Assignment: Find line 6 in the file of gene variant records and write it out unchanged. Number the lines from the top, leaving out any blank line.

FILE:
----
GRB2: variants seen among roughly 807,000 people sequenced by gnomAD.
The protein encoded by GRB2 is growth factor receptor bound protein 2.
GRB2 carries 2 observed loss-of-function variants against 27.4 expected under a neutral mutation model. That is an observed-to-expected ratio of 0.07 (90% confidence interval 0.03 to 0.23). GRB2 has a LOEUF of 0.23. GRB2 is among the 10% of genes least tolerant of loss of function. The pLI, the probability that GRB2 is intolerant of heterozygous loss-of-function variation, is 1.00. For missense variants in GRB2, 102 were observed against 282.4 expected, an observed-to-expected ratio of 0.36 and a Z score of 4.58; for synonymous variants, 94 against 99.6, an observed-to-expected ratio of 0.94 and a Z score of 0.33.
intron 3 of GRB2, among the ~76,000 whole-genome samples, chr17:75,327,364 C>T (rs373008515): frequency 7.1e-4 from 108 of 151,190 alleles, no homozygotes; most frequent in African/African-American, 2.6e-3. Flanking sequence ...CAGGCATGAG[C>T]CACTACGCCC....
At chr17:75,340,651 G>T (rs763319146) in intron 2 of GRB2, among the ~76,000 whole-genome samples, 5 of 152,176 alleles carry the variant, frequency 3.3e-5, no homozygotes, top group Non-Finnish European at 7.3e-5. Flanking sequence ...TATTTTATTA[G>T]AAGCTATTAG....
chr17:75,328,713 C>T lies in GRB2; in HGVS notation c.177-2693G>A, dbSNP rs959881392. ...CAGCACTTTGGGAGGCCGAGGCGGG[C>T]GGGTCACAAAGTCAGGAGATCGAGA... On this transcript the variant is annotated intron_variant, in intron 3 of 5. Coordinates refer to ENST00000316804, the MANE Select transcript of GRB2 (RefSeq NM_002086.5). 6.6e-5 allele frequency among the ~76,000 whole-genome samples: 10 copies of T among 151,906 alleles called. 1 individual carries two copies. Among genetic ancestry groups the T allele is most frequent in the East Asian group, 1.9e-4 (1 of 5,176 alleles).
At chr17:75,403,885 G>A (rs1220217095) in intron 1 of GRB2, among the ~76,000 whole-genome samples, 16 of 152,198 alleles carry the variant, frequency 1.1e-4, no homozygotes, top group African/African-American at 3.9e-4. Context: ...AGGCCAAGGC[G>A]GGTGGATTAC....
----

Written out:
chr17:75,328,713 C>T lies in GRB2; in HGVS notation c.177-2693G>A, dbSNP rs959881392. ...CAGCACTTTGGGAGGCCGAGGCGGG[C>T]GGGTCACAAAGTCAGGAGATCGAGA... On this transcript the variant is annotated intron_variant, in intron 3 of 5. Coordinates refer to ENST00000316804, the MANE Select transcript of GRB2 (RefSeq NM_002086.5). 6.6e-5 allele frequency among the ~76,000 whole-genome samples: 10 copies of T among 151,906 alleles called. 1 individual carries two copies. Among genetic ancestry groups the T allele is most frequent in the East Asian group, 1.9e-4 (1 of 5,176 alleles).